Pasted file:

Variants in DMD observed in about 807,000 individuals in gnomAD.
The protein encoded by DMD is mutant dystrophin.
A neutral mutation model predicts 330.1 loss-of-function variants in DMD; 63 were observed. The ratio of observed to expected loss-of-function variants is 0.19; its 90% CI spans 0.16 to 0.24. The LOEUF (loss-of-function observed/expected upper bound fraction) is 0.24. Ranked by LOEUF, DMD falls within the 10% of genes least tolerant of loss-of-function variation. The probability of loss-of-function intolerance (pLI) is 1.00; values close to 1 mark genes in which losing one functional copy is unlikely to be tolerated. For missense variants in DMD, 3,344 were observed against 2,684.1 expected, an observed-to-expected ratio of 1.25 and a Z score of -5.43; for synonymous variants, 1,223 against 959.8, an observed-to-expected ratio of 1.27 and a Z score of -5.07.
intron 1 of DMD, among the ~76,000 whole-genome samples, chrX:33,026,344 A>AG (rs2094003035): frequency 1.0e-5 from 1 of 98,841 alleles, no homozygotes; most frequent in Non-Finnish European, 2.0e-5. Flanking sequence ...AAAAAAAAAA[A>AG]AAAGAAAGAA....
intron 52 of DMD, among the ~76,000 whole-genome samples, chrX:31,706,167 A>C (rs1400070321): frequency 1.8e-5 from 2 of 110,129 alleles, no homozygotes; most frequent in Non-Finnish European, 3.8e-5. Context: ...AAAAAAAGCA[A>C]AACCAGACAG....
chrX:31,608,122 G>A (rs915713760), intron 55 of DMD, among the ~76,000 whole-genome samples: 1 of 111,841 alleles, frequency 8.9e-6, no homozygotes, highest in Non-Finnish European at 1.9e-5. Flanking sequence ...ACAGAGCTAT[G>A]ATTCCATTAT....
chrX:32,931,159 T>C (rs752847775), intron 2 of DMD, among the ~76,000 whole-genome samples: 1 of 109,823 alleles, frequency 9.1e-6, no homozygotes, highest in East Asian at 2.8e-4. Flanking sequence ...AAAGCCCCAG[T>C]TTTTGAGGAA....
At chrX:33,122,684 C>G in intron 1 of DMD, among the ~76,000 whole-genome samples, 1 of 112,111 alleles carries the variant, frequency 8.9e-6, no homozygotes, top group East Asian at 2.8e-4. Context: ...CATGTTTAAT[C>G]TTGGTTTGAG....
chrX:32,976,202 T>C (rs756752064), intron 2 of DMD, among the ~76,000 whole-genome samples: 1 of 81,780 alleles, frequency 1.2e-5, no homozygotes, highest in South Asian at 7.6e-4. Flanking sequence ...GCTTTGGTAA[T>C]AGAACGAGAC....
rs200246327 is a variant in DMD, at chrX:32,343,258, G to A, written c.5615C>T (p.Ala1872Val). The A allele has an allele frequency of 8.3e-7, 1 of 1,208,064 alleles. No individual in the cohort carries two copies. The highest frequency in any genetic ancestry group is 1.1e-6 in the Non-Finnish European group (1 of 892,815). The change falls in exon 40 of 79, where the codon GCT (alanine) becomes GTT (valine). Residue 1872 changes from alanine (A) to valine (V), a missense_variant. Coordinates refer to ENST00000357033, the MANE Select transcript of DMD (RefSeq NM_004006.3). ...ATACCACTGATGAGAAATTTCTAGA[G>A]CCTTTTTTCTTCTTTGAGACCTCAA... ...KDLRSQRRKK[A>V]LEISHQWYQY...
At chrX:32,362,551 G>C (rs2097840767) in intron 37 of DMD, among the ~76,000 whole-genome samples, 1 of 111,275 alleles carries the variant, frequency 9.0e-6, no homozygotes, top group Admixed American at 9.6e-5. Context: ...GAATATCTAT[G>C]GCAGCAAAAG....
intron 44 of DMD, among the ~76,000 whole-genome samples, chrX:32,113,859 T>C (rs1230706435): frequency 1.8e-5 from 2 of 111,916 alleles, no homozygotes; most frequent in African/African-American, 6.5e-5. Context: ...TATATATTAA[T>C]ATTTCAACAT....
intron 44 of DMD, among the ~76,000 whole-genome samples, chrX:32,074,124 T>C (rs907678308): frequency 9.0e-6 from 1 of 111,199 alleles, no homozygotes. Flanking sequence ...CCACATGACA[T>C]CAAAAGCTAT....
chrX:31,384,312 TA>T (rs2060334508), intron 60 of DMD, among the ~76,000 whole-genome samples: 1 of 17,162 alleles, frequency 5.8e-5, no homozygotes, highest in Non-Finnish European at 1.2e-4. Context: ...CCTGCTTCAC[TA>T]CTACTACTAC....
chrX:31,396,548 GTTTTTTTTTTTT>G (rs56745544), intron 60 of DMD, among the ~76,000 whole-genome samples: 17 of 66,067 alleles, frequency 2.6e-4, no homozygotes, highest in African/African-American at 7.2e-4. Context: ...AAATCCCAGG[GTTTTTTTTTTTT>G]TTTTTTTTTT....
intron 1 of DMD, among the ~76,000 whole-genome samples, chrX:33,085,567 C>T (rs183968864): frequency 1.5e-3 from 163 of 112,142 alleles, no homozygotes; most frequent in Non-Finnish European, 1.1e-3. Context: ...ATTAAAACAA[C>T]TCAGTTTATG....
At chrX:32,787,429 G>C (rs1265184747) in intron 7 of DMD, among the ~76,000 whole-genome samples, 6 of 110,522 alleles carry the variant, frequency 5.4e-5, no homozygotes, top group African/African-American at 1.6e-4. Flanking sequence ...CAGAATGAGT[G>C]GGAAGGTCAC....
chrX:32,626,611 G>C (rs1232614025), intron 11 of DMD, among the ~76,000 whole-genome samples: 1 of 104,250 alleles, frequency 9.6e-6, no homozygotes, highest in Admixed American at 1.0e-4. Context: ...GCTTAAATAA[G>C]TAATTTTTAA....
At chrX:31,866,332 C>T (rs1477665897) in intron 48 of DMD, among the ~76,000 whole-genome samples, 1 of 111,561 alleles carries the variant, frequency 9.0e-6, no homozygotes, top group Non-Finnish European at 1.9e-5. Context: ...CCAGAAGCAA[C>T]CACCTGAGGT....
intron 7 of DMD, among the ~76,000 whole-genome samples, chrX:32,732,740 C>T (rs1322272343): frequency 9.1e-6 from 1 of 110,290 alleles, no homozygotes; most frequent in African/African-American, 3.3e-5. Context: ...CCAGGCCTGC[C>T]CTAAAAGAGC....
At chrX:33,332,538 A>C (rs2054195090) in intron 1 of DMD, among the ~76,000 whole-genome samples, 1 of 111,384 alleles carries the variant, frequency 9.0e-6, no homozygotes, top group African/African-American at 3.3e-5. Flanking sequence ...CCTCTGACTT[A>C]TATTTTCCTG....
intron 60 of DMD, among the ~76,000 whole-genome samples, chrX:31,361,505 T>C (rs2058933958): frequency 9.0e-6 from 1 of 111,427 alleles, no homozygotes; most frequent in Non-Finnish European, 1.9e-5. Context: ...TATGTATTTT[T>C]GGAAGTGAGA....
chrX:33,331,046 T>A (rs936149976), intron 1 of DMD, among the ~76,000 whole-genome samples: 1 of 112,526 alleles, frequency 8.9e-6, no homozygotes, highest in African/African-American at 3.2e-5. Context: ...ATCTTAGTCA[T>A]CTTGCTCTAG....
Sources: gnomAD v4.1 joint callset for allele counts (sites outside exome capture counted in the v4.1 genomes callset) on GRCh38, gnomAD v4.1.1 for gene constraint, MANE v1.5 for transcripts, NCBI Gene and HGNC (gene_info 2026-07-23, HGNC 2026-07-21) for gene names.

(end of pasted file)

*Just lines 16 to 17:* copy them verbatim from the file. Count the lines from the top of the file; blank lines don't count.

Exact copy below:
intron 1 of DMD, among the ~76,000 whole-genome samples, chrX:33,085,567 C>T (rs183968864): frequency 1.5e-3 from 163 of 112,142 alleles, no homozygotes; most frequent in Non-Finnish European, 1.1e-3. Context: ...ATTAAAACAA[C>T]TCAGTTTATG....
At chrX:32,787,429 G>C (rs1265184747) in intron 7 of DMD, among the ~76,000 whole-genome samples, 6 of 110,522 alleles carry the variant, frequency 5.4e-5, no homozygotes, top group African/African-American at 1.6e-4. Flanking sequence ...CAGAATGAGT[G>C]GGAAGGTCAC....